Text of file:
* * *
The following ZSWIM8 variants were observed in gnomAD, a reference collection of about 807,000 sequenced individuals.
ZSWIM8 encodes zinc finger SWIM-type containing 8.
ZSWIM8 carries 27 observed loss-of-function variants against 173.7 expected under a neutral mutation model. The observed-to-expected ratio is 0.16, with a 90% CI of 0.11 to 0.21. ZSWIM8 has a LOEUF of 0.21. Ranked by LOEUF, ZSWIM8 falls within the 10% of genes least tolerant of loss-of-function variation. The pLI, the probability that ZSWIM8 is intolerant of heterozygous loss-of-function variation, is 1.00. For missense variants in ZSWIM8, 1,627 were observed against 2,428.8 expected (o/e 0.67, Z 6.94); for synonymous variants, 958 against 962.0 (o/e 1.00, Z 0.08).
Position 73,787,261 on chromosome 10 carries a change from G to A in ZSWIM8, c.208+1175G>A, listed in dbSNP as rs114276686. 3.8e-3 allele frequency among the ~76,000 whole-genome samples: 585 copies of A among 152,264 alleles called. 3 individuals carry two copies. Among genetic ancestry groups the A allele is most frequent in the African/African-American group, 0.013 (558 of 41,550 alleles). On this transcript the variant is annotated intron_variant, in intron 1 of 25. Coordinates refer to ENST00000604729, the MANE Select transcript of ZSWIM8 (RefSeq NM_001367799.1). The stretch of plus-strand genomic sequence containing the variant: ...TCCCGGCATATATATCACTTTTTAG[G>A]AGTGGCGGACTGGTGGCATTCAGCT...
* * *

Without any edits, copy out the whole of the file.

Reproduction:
The following ZSWIM8 variants were observed in gnomAD, a reference collection of about 807,000 sequenced individuals.
ZSWIM8 encodes zinc finger SWIM-type containing 8.
ZSWIM8 carries 27 observed loss-of-function variants against 173.7 expected under a neutral mutation model. The observed-to-expected ratio is 0.16, with a 90% CI of 0.11 to 0.21. ZSWIM8 has a LOEUF of 0.21. Ranked by LOEUF, ZSWIM8 falls within the 10% of genes least tolerant of loss-of-function variation. The pLI, the probability that ZSWIM8 is intolerant of heterozygous loss-of-function variation, is 1.00. For missense variants in ZSWIM8, 1,627 were observed against 2,428.8 expected (o/e 0.67, Z 6.94); for synonymous variants, 958 against 962.0 (o/e 1.00, Z 0.08).
Position 73,787,261 on chromosome 10 carries a change from G to A in ZSWIM8, c.208+1175G>A, listed in dbSNP as rs114276686. 3.8e-3 allele frequency among the ~76,000 whole-genome samples: 585 copies of A among 152,264 alleles called. 3 individuals carry two copies. Among genetic ancestry groups the A allele is most frequent in the African/African-American group, 0.013 (558 of 41,550 alleles). On this transcript the variant is annotated intron_variant, in intron 1 of 25. Coordinates refer to ENST00000604729, the MANE Select transcript of ZSWIM8 (RefSeq NM_001367799.1). The stretch of plus-strand genomic sequence containing the variant: ...TCCCGGCATATATATCACTTTTTAG[G>A]AGTGGCGGACTGGTGGCATTCAGCT...